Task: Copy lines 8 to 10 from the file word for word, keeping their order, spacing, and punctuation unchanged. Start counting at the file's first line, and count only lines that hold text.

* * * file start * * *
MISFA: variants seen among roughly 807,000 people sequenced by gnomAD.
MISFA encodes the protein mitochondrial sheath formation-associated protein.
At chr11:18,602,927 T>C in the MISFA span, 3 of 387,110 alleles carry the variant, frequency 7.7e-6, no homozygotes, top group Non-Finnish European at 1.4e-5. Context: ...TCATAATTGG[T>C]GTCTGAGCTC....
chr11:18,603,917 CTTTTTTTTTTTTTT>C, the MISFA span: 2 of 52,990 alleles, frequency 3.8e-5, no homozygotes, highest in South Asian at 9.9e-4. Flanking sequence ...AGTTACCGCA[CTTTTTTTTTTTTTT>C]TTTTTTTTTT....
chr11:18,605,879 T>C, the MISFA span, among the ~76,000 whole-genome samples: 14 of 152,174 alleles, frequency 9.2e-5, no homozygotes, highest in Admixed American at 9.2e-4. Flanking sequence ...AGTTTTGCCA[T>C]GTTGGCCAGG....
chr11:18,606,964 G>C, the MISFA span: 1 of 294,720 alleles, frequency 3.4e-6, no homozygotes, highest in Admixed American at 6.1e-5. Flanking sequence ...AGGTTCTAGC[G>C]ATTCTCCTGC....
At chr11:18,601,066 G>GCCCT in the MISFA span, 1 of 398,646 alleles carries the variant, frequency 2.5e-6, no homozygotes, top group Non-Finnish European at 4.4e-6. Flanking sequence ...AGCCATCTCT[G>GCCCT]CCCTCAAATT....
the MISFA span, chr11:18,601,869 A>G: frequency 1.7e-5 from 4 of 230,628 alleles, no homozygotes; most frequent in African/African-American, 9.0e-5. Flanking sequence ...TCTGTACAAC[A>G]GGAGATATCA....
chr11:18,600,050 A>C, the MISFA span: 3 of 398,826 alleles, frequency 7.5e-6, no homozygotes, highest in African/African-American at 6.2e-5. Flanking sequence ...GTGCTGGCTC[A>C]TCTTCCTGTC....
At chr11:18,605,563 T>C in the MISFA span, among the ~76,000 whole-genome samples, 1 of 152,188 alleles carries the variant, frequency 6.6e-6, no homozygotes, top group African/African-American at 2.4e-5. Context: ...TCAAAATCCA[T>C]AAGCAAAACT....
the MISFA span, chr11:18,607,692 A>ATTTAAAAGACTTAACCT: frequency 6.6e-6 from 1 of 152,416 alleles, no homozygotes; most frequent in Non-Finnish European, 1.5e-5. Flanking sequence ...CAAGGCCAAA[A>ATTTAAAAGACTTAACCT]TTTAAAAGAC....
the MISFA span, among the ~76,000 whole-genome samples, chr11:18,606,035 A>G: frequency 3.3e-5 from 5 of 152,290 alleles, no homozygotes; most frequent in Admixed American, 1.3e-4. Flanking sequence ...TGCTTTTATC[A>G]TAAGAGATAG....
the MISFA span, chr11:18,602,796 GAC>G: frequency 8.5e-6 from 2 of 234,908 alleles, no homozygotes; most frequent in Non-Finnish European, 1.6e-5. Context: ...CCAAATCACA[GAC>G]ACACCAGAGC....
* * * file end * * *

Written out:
the MISFA span, chr11:18,601,869 A>G: frequency 1.7e-5 from 4 of 230,628 alleles, no homozygotes; most frequent in African/African-American, 9.0e-5. Flanking sequence ...TCTGTACAAC[A>G]GGAGATATCA....
chr11:18,600,050 A>C, the MISFA span: 3 of 398,826 alleles, frequency 7.5e-6, no homozygotes, highest in African/African-American at 6.2e-5. Flanking sequence ...GTGCTGGCTC[A>C]TCTTCCTGTC....
At chr11:18,605,563 T>C in the MISFA span, among the ~76,000 whole-genome samples, 1 of 152,188 alleles carries the variant, frequency 6.6e-6, no homozygotes, top group African/African-American at 2.4e-5. Context: ...TCAAAATCCA[T>C]AAGCAAAACT....